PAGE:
For Jesse Beaudry, VP of sustainability at Connacher Oil and Gas Limited, sustainability is more than just a bit of corporate marketing jargon; it’s a vital component to building a better bottom line. “I believe you can balance sustainability with business and make a real contribution to the environment in the process,” he explains.
Controlling roughly 500 million barrels of proved and probable bitumen reserves, the company runs two oil-sands production facilities. “For a company of Connacher’s size to be operating plants in the oil sands is unique,” says Beaudry, who received an MBA from the University of Calgary in 2012. “Five years ago, when I started working in the oil sands, we had no facilities there—and now we have two up and running, and we face environmental issues all the time.” Balancing financial demands, regulatory requirements, and the frenetic pace of oil-sands development provides a never-ending challenge. “You really get to test the boundaries of your knowledge when you are associated with the oil sands,” Beaudry says.
He adds that the best aspect of his job is the feeling of accomplishment he gets. “I like to say that Connacher is the ‘blue collar’ face of sustainability because we produce real results,” he says. “I love the accountability that comes with saying what you are going to do and then actually doing it.”
Those achievements are the result of having a dedicated team of environmental experts who work tirelessly to keep the company on a green track. “I believe that my team here is the strongest team in our industry,” Beaudry says.
One of the projects Beaudry is most proud of is Connacher’s attention to wildlife management. “It’s hard to predict the behaviour of animals,” he notes. “We work to assess migration patterns and try to understand caribou behaviour so that we can create effective wildlife crossings over our pipelines.”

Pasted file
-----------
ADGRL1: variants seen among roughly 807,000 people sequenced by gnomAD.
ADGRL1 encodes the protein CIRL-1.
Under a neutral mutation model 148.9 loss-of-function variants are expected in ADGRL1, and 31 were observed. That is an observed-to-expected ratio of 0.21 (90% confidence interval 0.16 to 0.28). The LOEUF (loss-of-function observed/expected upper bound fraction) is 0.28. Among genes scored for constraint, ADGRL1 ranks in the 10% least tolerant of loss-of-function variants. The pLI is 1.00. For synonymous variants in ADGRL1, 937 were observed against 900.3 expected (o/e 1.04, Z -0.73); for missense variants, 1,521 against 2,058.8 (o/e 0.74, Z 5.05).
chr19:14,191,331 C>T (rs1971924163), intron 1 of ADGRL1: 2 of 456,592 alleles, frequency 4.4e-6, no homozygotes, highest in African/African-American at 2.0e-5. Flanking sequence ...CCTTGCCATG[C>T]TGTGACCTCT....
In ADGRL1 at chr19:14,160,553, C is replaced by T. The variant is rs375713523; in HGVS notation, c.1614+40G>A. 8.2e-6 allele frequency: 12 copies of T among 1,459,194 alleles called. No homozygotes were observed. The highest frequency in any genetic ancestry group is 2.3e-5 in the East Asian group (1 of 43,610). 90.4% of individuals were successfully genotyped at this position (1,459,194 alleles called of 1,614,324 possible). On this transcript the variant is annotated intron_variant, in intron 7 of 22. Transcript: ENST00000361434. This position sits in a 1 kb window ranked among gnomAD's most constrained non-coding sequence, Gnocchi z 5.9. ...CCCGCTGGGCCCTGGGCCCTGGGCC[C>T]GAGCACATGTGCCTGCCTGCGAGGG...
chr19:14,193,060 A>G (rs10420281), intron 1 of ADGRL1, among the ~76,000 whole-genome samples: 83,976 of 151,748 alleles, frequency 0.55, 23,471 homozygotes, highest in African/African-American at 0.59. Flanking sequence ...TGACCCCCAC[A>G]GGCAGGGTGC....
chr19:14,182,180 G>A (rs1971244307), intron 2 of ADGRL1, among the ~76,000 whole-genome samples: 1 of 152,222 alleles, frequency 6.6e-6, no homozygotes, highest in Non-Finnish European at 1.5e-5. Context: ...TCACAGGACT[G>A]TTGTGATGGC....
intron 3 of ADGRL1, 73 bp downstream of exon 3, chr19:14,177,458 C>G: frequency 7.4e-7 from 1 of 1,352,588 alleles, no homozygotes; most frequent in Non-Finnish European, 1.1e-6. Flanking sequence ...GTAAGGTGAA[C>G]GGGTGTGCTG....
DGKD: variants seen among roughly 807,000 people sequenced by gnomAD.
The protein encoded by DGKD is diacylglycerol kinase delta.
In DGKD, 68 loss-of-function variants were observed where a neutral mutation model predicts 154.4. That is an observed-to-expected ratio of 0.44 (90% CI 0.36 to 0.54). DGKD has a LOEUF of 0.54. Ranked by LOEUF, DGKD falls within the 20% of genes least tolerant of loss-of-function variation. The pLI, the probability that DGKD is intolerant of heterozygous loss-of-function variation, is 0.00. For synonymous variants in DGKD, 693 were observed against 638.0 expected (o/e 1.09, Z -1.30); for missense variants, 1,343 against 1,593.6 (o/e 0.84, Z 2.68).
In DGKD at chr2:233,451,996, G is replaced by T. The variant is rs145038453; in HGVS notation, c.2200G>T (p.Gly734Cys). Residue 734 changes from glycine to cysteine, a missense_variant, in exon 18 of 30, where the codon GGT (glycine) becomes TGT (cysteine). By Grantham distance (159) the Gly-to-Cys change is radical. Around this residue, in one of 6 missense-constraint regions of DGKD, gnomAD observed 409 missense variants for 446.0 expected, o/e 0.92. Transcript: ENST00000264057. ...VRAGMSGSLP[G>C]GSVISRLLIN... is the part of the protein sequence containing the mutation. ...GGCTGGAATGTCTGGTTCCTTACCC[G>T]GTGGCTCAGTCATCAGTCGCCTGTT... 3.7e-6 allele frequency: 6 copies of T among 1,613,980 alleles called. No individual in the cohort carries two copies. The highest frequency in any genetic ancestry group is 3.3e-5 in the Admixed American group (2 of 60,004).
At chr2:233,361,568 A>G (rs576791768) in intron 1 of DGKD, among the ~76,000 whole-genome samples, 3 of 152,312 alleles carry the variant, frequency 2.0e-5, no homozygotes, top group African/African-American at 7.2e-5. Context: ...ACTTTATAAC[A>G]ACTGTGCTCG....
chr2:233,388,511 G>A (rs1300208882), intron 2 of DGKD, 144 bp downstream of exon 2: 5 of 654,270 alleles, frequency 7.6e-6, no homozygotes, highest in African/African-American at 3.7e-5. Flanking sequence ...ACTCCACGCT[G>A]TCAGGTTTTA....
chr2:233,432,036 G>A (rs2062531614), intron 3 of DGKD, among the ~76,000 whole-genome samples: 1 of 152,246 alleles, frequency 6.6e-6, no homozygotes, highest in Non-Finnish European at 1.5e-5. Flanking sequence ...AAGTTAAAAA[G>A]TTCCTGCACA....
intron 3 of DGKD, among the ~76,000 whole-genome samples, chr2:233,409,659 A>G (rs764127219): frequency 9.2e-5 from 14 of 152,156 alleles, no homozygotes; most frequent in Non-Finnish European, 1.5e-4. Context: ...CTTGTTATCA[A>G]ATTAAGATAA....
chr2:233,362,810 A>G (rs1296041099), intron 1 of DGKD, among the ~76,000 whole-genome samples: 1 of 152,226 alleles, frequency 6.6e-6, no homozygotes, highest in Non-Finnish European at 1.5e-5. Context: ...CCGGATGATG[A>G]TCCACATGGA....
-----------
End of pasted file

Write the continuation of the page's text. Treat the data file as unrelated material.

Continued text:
Building a wildlife crossing, however, involves more than covering up a portion of the pipeline. “We brought in a lot of consultants and regulatory bodies and built five different types of crossings, each with their own unique characteristics,” Beaudry explains. “Then we installed permanent cameras and reviewed the video so that we could determine which ones actually worked the best.” That information is leveraged in the construction of new facilities. “It costs money, and there’s a lot of work involved, but it’s a learning process—and the more you do, the better you get at it,” he says.
The oil sands is an expense place to do business. That means that a small company like Connacher has to pay strict attention to the bottom line. “If we can find ways to accelerate reclamation efforts, or reduce fuel use, or recycle more water, or dispose of less waste—those things have a profound impact on how well the company does,” Beaudry says.
He promotes sustainability by making sure it is a common point of discussion among Connacher executives. “A lot of our sustainability projects impact the bottom line positively,” he notes. “By reducing greenhouse gas emissions, for instance, you can usually cut operating costs. Having engineers and environmental experts in a room talking about the life cycle of a project lets you plan projects far in advance, saving money in the long term.”
Increasingly, stakeholders want to know what a company is doing to lessen its environmental impact. “People want to know that a company is considering and implementing projects that will positively impact the environment,” Beaudry says. That includes investors, public officials, the general public and even employees’ own children. “That’s why I stay at Connacher—I know that the company is actually working on projects that help the environment.”